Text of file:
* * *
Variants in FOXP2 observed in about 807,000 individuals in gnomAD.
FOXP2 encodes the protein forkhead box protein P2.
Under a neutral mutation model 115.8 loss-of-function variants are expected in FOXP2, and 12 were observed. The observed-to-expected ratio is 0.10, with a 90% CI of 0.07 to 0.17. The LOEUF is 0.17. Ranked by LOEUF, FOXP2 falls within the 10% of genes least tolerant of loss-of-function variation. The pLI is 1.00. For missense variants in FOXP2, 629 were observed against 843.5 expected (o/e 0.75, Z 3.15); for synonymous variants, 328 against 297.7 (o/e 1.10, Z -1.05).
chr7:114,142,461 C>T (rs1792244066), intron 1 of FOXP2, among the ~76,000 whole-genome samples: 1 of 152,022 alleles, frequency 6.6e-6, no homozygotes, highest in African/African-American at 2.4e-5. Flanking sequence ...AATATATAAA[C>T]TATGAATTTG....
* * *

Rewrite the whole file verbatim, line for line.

Variants in FOXP2 observed in about 807,000 individuals in gnomAD.
FOXP2 encodes the protein forkhead box protein P2.
Under a neutral mutation model 115.8 loss-of-function variants are expected in FOXP2, and 12 were observed. The observed-to-expected ratio is 0.10, with a 90% CI of 0.07 to 0.17. The LOEUF is 0.17. Ranked by LOEUF, FOXP2 falls within the 10% of genes least tolerant of loss-of-function variation. The pLI is 1.00. For missense variants in FOXP2, 629 were observed against 843.5 expected (o/e 0.75, Z 3.15); for synonymous variants, 328 against 297.7 (o/e 1.10, Z -1.05).
chr7:114,142,461 C>T (rs1792244066), intron 1 of FOXP2, among the ~76,000 whole-genome samples: 1 of 152,022 alleles, frequency 6.6e-6, no homozygotes, highest in African/African-American at 2.4e-5. Flanking sequence ...AATATATAAA[C>T]TATGAATTTG....